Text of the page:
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Scientific Papers - The Way You Sit Will Never Be the Same! Alterations of Lumbosacral Curvature and Intervertebral Disc Morphology in Normal Subjects in Variable Sitting Positions Using Whole-body Positional MRI

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PARTICIPANTS
Presenter
Waseem Bashir MBChB  
Abstract Co-Author
Tetsuya Torio MD  
Francis Smith MD  
Keisuke Takahashi  
Malcolm Pope PhD  
  CODE: SSC20-07
  SESSION: Musculoskeletal (Intervertebral Disks: Diagnosis and Intervention)
  The Way You Sit Will Never Be the Same! Alterations of Lumbosacral Curvature and Intervertebral Disc Morphology in Normal Subjects in Variable Sitting Positions Using Whole-body Positional MRI
 
 
  DATE: Monday, November 27 2006
  START TIME: 11:30 AM
  END TIME: 11:40 AM
  LOCATION: S406B



  DISCLOSURES
  W.B. - Nothing to disclose.  
  T.T. - Nothing to disclose.  
  F.S. - Nothing to disclose.  
  K.T. - Nothing to disclose.  
  M.P. - Nothing to disclose.  

 PURPOSE
 
To define the optimal sitting posture by investigating variable seated positions using positional MRI. Normal lumbar spine position during sitting has long been debated. In 1953, Keegan hypothesised a relationship between lordosis and trunk-thigh angle using plain radiography of only 4 individuals. No one has ever replicated his original study.
  
 METHOD AND MATERIALS
 
Measurements of lumbar lordosis angles, intervertebral disc (IVD) heights and translation of the nucleus pulposus (NP) were made on 22 normal subjects with no history of back pain or surgery using a 0.6 Tesla whole-body positional MRI scanner. We then determined which sitting position showed the least biomechanical stress on the lumbar spine. This study would not have been possible on a regular fixed ‘tunnel’ recumbent scanner.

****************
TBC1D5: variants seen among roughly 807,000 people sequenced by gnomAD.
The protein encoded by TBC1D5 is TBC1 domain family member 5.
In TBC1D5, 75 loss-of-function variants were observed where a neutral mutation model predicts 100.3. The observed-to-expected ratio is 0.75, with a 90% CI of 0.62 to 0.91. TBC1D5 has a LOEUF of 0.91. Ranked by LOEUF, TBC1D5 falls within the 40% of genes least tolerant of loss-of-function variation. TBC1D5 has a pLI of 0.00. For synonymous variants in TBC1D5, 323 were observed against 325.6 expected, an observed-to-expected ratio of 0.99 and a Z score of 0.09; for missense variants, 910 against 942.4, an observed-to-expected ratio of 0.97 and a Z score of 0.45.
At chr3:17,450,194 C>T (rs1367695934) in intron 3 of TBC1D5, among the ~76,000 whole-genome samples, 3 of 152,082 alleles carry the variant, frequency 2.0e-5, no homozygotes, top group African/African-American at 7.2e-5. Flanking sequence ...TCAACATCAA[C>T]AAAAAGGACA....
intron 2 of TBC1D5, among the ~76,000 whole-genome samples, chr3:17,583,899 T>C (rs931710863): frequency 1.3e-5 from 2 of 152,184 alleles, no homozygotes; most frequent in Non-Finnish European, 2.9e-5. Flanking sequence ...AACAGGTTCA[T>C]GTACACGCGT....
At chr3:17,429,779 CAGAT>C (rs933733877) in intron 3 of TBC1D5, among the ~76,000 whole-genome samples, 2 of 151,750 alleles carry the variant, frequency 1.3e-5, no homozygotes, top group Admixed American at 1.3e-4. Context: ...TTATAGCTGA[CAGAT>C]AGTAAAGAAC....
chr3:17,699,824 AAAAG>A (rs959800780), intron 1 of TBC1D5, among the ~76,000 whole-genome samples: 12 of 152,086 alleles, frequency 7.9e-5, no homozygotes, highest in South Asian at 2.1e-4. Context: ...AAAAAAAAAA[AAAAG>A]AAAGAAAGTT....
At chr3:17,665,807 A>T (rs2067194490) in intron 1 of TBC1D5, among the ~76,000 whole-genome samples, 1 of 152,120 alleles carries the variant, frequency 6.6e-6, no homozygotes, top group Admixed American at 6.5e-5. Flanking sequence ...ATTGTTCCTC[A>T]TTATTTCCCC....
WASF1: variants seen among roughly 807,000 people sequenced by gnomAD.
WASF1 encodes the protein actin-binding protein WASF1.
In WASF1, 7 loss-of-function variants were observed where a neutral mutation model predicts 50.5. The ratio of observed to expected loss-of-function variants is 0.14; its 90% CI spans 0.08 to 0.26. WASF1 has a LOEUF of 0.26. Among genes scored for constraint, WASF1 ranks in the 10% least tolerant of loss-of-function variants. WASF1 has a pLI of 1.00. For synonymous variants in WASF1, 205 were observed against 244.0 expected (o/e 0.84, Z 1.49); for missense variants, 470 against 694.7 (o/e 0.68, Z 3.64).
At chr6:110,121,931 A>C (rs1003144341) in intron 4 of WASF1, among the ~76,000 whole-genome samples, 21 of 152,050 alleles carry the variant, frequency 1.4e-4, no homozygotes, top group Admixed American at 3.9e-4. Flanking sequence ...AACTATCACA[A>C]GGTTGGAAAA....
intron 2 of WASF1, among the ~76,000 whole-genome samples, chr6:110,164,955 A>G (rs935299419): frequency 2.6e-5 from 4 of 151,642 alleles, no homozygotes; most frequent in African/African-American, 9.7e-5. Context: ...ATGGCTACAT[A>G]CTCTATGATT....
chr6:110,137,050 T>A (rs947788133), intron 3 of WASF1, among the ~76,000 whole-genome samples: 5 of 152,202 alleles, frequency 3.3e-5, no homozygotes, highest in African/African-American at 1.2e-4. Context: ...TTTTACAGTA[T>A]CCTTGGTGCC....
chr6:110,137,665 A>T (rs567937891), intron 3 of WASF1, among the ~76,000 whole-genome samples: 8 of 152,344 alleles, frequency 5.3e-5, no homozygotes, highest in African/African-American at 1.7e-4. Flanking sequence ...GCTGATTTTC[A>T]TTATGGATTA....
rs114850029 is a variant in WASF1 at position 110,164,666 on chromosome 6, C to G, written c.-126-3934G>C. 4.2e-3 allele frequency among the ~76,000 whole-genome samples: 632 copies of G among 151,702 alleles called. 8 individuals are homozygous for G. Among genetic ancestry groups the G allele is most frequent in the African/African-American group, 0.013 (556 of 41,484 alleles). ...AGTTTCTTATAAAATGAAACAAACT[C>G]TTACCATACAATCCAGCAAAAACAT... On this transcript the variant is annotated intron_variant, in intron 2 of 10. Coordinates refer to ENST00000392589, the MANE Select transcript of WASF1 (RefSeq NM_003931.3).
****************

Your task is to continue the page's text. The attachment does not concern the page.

RESULTS
 
We found IVD height showed a tendency to decrease as lumbar lordosis decreased in variable sitting positions from reclining to forward flexion. The NP showed movement within a limited range in normal IVDs without change of its overall area. The optimal sitting position was with a trunk-thigh angle of 135 degrees. This position was shown to cause least 'strain' on the lumbar spine, most significantly when compared with an upright 90 degree sitting posture.
  
 CONCLUSION
 
We have adapted a small plain radiography study from 53 years ago and shown the best biomechanically and anatomically 'neutral' sitting postion using positional MRI. It is well known that a relationship exists between seating posture and back pain and therefore this study has provided data that will help to reduce the incidence of chronic back problems from bad sitting positions.
  
 CLINICAL RELEVANCE/APPLICATION
 
We have shown that positional MRI is of value in the evaluation of future seating design and as a result help to reduce chronic back problems from bad seating posture.
  
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